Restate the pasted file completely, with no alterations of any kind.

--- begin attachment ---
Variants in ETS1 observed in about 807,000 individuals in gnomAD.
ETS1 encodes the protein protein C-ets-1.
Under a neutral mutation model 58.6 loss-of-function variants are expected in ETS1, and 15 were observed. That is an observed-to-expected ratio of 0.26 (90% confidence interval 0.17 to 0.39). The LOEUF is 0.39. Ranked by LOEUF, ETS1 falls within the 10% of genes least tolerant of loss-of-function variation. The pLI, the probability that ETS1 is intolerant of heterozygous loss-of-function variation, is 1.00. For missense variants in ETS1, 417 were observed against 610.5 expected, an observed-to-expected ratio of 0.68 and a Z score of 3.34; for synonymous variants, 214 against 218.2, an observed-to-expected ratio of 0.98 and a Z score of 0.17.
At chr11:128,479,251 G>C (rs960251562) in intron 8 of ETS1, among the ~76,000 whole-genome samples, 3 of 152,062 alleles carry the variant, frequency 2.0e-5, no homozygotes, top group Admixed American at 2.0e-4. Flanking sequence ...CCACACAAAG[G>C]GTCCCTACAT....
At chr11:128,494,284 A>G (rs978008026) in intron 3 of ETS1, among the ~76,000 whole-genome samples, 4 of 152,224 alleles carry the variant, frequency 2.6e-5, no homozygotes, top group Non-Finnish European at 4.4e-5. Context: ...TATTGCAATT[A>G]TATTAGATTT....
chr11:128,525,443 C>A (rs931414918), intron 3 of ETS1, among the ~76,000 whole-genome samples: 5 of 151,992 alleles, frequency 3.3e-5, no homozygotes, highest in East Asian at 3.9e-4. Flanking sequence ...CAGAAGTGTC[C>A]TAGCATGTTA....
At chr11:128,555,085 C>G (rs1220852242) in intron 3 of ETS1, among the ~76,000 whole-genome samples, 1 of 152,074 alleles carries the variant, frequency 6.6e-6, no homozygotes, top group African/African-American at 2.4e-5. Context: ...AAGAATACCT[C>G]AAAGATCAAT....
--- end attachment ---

Variants in ETS1 observed in about 807,000 individuals in gnomAD.
ETS1 encodes the protein protein C-ets-1.
Under a neutral mutation model 58.6 loss-of-function variants are expected in ETS1, and 15 were observed. That is an observed-to-expected ratio of 0.26 (90% confidence interval 0.17 to 0.39). The LOEUF is 0.39. Ranked by LOEUF, ETS1 falls within the 10% of genes least tolerant of loss-of-function variation. The pLI, the probability that ETS1 is intolerant of heterozygous loss-of-function variation, is 1.00. For missense variants in ETS1, 417 were observed against 610.5 expected, an observed-to-expected ratio of 0.68 and a Z score of 3.34; for synonymous variants, 214 against 218.2, an observed-to-expected ratio of 0.98 and a Z score of 0.17.
At chr11:128,479,251 G>C (rs960251562) in intron 8 of ETS1, among the ~76,000 whole-genome samples, 3 of 152,062 alleles carry the variant, frequency 2.0e-5, no homozygotes, top group Admixed American at 2.0e-4. Flanking sequence ...CCACACAAAG[G>C]GTCCCTACAT....
At chr11:128,494,284 A>G (rs978008026) in intron 3 of ETS1, among the ~76,000 whole-genome samples, 4 of 152,224 alleles carry the variant, frequency 2.6e-5, no homozygotes, top group Non-Finnish European at 4.4e-5. Context: ...TATTGCAATT[A>G]TATTAGATTT....
chr11:128,525,443 C>A (rs931414918), intron 3 of ETS1, among the ~76,000 whole-genome samples: 5 of 151,992 alleles, frequency 3.3e-5, no homozygotes, highest in East Asian at 3.9e-4. Flanking sequence ...CAGAAGTGTC[C>A]TAGCATGTTA....
At chr11:128,555,085 C>G (rs1220852242) in intron 3 of ETS1, among the ~76,000 whole-genome samples, 1 of 152,074 alleles carries the variant, frequency 6.6e-6, no homozygotes, top group African/African-American at 2.4e-5. Context: ...AAGAATACCT[C>G]AAAGATCAAT....